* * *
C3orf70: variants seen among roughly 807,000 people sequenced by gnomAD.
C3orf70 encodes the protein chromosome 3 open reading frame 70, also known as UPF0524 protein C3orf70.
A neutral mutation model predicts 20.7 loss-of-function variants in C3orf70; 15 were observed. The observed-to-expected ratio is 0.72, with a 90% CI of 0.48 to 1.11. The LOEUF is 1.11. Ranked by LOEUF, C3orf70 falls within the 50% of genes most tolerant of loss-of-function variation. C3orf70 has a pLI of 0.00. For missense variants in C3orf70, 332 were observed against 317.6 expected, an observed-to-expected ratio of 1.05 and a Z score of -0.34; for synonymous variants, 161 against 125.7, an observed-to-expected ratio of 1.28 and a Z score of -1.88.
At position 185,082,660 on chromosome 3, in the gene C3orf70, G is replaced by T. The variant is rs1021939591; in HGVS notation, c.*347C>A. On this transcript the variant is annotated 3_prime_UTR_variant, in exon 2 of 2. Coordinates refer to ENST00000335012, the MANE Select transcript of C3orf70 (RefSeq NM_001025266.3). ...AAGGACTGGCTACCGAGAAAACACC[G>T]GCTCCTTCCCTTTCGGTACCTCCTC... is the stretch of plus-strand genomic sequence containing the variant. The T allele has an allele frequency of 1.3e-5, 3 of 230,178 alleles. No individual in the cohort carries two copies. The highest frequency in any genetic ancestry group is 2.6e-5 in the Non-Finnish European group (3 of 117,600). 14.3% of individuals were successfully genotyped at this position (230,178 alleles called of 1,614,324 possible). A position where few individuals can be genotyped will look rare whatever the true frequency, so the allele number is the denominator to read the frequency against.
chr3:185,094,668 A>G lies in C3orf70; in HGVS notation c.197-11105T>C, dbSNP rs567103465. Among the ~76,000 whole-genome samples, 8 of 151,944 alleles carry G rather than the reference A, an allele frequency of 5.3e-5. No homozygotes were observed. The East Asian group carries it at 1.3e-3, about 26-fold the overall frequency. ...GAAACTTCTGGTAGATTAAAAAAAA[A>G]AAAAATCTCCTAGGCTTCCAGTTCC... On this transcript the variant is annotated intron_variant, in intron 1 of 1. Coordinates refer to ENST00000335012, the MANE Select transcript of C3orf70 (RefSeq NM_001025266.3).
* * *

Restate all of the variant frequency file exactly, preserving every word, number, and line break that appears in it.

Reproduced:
C3orf70: variants seen among roughly 807,000 people sequenced by gnomAD.
C3orf70 encodes the protein chromosome 3 open reading frame 70, also known as UPF0524 protein C3orf70.
A neutral mutation model predicts 20.7 loss-of-function variants in C3orf70; 15 were observed. The observed-to-expected ratio is 0.72, with a 90% CI of 0.48 to 1.11. The LOEUF is 1.11. Ranked by LOEUF, C3orf70 falls within the 50% of genes most tolerant of loss-of-function variation. C3orf70 has a pLI of 0.00. For missense variants in C3orf70, 332 were observed against 317.6 expected, an observed-to-expected ratio of 1.05 and a Z score of -0.34; for synonymous variants, 161 against 125.7, an observed-to-expected ratio of 1.28 and a Z score of -1.88.
At position 185,082,660 on chromosome 3, in the gene C3orf70, G is replaced by T. The variant is rs1021939591; in HGVS notation, c.*347C>A. On this transcript the variant is annotated 3_prime_UTR_variant, in exon 2 of 2. Coordinates refer to ENST00000335012, the MANE Select transcript of C3orf70 (RefSeq NM_001025266.3). ...AAGGACTGGCTACCGAGAAAACACC[G>T]GCTCCTTCCCTTTCGGTACCTCCTC... is the stretch of plus-strand genomic sequence containing the variant. The T allele has an allele frequency of 1.3e-5, 3 of 230,178 alleles. No individual in the cohort carries two copies. The highest frequency in any genetic ancestry group is 2.6e-5 in the Non-Finnish European group (3 of 117,600). 14.3% of individuals were successfully genotyped at this position (230,178 alleles called of 1,614,324 possible). A position where few individuals can be genotyped will look rare whatever the true frequency, so the allele number is the denominator to read the frequency against.
chr3:185,094,668 A>G lies in C3orf70; in HGVS notation c.197-11105T>C, dbSNP rs567103465. Among the ~76,000 whole-genome samples, 8 of 151,944 alleles carry G rather than the reference A, an allele frequency of 5.3e-5. No homozygotes were observed. The East Asian group carries it at 1.3e-3, about 26-fold the overall frequency. ...GAAACTTCTGGTAGATTAAAAAAAA[A>G]AAAAATCTCCTAGGCTTCCAGTTCC... On this transcript the variant is annotated intron_variant, in intron 1 of 1. Coordinates refer to ENST00000335012, the MANE Select transcript of C3orf70 (RefSeq NM_001025266.3).